Alain, known as Ali (Matthias Schoenaerts), has taken his young son away from his mother and Ali's ex to start a new life with his sister Anna (Corinne Masiero) who works in a supermarket. To reach there they both have to hitchhike, as money is far from plentiful and along the way they resort to scavenging for whatever food they can find, but before long they are in Antibes where they stay at Anna's and Ali gets a job as a nightclub bouncer. His real ambition in life is to become a professional fighter, but for now unprofessional will have to do, though before that he meets someone who could just change his life...
French creator of uncompromising drama Jacques Audiard was the man behind Rust and Bone, or De rouille et d'os as it was known originally, and gave every indication he was not going to compromise here either for any delicate audience sensibilities as his career moved onwards. He described it in his native language as a "melo trash", that is a gritty melodrama, and you couldn't say he did succeed in that aim, though many were wont to point out that was not so much up to his script as it was the excellent performances he got out of his two leads which you would rightly observe truly held the movie together.
Schoenaerts was the newcomer here, or he was to most audiences in spite of having appeared in movies for a good ten years or more by the stage this was made, evidently forging a promising path as a sort of Belgian Tom Hardy, and he more than held his ground against one of the heavyweight acting talents of French cinema in Marion Cotillard who played his on and off again love interest Stéphanie. She works in a whale sanctuary water park where she looks after killer whales and entertains the tourists in this seaside town by assisting in the shows the park puts on as the whales leap and somersault for their pleasure. But people actually enjoying themselves is not the done thing for Audiard, particularly at the expense of a collection of animals.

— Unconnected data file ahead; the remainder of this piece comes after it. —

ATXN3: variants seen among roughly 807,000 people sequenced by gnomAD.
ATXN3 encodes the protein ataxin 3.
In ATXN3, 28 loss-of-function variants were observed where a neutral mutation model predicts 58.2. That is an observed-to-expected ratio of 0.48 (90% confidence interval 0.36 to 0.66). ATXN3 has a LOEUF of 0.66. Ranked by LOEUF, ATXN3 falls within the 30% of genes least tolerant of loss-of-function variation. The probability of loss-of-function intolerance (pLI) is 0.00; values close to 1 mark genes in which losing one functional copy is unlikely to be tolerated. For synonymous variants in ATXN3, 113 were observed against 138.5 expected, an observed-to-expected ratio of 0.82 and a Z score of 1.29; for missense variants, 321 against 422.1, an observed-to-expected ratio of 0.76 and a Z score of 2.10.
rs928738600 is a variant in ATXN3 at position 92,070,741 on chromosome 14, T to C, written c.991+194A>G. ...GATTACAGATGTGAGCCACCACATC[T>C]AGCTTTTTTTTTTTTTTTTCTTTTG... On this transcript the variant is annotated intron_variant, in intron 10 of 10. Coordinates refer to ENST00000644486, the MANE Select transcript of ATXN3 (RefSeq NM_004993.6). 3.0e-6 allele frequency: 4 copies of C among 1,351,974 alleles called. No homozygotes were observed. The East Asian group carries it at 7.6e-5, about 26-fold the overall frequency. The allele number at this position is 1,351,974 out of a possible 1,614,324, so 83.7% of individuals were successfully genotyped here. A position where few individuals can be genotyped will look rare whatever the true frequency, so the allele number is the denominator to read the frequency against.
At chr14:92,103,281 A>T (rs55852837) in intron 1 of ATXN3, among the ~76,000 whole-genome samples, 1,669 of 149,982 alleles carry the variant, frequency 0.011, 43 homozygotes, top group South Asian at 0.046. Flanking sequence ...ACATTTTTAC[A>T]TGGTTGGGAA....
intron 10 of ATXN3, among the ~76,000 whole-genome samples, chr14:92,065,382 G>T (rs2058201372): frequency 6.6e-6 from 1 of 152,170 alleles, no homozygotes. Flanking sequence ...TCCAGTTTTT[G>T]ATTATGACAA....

Therefore it all goes horribly wrong when an accident occurs during one performance, though the director was oblique about what exactly happened - one minute it's all going swimmingly (so to speak) and the next a whale has crashed into a platform and Stéphanie is in the water with blood streaming from her legs. Was she crushed in the incident or did - yikes! - one of the beasts chomp off her limbs? We never find out, but what we do see is her awakening in the hospital as an amputee, and understandably upset, meaning what we had here was one of those disability dramas where one character must overcome her tragedy and learn to live again and so forth, a plot already well-worn by the time Rust and Bone got around to it.
What this had was a romantic angle to bring out the emotions, as if the events it portrayed were not emotional enough, as Stéphanie had met Ali in that nightclub where he was working and he had rescued her from getting beaten up, taken her home and left his number should she need any more assistance - and also because Ali is hoping for a sexual encounter which he has been advised will happen if he plays the nice guy with the punters. Make no mistake, he can be irresponsible, and Audiard had a rather contrived way of pushing the audience's buttons whether it be showing the son neglected or his father beating an opponent in a bare knuckle fight for money. The manner in which he always went for the big effects while retaining the patina of serious drama evidently was fine for many viewers, but there was a sense of being bullied into responding to one damn harrowing setpiece after another. What kept you watching were those leads who sustained a focus that wasn't there otherwise. Music by Alexandre Desplat.
[The Studio Canal Blu-ray has a making of and a special effects featurette, plus a trailer as extras.]